TRAVEL HERE: DMA EXHIBIT FEATURES DALLAS BEFORE ASSASSINATION AND TV SHOW
All my readers know I love Dallas! No, not the TV show. Not the location of JFK’s assassination. I mean the real place. The one with a world class opera and arboretum. The home of Neiman Marcus and Northpark. My Dallas!
I love my City
My Dallas is the bold and brassy, slightly sassy and ever energetic Dallas captured by George Grosz in 1952. He’d been hired by a young Mr. Harris of A. Harris & Company to capture the spirit of Dallas for the 65th anniversary of the department store which eventually became a part of what we know as Macy’s.
According to the walls of the Dallas Museum of Art, Mr. Grosz had been a big fan of the Dime Novel West when he was a young boy in Germany, but he’d been through a lot and lived in New York when he took the job to paint Dallas. One can’t help but wonder what he expected, but he wrote to a friend that he’d sold out in taking the job.
George Grotz Comes to Dallas
Had he thought he was coming to a city that still had mud streets and shoot-outs at high noon? The walls of the museum didn’t tell me, so I guess Mr. Grosz never explained his disappointment on paper. His disappointment didn’t keep him from filling the order, taking the commission and buying himself a new home. One hopes he got over it.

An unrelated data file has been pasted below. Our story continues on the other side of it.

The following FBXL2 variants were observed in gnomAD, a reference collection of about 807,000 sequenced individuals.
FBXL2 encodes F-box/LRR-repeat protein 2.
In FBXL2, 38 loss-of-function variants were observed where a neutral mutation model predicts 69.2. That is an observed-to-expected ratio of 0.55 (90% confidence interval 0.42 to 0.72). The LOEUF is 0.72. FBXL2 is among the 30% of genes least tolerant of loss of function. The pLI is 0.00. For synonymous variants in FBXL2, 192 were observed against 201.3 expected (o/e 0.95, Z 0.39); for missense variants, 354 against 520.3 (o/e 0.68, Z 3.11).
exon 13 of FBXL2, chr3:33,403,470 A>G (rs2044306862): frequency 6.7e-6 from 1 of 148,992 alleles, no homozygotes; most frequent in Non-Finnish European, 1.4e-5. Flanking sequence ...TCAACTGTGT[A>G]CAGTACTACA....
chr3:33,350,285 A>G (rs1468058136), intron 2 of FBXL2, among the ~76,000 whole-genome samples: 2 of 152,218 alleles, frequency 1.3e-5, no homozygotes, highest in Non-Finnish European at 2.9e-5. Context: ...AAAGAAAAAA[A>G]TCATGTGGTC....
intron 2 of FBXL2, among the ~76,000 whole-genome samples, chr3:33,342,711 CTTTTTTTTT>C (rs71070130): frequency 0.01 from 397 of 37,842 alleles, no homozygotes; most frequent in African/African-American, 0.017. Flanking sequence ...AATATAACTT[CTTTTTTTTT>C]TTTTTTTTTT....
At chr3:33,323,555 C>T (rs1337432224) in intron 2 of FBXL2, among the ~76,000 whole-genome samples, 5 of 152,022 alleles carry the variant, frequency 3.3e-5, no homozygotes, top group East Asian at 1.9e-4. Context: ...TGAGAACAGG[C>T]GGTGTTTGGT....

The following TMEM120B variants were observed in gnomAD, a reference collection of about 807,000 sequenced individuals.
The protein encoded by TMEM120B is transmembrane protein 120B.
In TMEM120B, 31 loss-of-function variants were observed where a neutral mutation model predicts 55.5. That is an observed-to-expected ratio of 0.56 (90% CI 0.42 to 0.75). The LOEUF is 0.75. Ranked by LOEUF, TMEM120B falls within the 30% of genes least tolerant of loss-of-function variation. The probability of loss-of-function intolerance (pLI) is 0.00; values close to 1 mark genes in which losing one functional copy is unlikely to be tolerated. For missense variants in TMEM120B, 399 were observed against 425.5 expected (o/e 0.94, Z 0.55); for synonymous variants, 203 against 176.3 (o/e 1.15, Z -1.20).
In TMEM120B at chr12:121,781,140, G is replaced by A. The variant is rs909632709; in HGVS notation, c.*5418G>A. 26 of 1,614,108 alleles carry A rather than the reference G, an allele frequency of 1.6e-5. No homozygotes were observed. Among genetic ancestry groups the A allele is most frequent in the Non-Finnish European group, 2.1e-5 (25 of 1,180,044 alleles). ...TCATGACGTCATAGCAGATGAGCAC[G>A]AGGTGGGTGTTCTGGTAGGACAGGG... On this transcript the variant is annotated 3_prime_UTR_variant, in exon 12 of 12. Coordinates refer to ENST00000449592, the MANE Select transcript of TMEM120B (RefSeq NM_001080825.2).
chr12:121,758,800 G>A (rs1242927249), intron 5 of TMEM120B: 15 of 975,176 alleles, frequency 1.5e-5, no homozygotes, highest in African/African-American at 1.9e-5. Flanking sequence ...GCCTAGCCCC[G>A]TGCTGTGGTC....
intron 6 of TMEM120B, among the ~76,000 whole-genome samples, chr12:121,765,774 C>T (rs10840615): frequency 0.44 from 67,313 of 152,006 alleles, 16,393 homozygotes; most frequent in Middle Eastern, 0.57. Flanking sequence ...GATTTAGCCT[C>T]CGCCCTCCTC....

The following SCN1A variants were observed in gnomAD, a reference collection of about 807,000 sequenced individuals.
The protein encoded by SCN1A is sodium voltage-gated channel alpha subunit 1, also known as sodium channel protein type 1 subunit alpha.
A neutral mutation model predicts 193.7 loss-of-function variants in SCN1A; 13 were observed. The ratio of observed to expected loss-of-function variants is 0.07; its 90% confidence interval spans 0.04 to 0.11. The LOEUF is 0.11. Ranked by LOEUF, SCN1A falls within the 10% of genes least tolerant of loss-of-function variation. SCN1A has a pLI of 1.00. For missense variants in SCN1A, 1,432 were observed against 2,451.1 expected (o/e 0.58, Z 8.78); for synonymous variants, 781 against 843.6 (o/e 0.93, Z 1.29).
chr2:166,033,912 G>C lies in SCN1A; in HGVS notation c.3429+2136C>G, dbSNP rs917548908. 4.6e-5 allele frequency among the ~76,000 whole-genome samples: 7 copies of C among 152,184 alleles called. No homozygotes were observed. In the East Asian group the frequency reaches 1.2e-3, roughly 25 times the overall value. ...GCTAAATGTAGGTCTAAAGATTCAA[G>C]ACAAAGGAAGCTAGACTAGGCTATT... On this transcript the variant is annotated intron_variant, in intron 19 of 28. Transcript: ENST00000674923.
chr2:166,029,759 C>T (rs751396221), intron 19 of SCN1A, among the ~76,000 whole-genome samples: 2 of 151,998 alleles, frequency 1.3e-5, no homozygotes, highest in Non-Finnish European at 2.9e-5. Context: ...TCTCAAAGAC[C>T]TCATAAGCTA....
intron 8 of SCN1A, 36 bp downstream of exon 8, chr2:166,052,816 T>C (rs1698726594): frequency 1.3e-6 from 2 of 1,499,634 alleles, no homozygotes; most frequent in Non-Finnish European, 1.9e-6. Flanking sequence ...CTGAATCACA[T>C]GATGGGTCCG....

The product of his work is a series of painting which captured a brilliant moment in time. Dallas had gotten over it’s mud streets and wasn’t yet tarnished with a president’s assassination. The skyline is in it’s infancy and the streets are chockful of modern people pursuing modern ideas, with money earned from old stand-bys like cotton and cattle. The watercolor paintings are so full of life they seem to vibrate on the walls of the museum.
George had a job to do and a patron to please, but he didn’t limit his palette to rosy hues of promise. He saw a segregated society which marginalized the black members of its community and he portrayed it without being preachy. He saw a brand spanking new city which hadn’t been around long enough to wear down the edges. He was fascinated by our love of commerce and our lavish use of neon. You’ve got to see what he painted.
If you live in Dallas and don’t get to the DMA to see Flower or the Prairie, you should be ashamed of yourself. The exhibition will be on view until August 19th. Get down there!
In fact, there are a lot of reasons to abandon your TV this summer in Dallas. The Arboretum has Chihuly which is on view both day and night. (I went a couple of weeks ago during the day and am looking forward to night visit in late June.) The Kimball has The Age of Impressionism which is a spectacular show. It will only be here until June 19. Don’t miss it.
This must be the artiest summer we’ve ever had. Have you seen these treasures yet?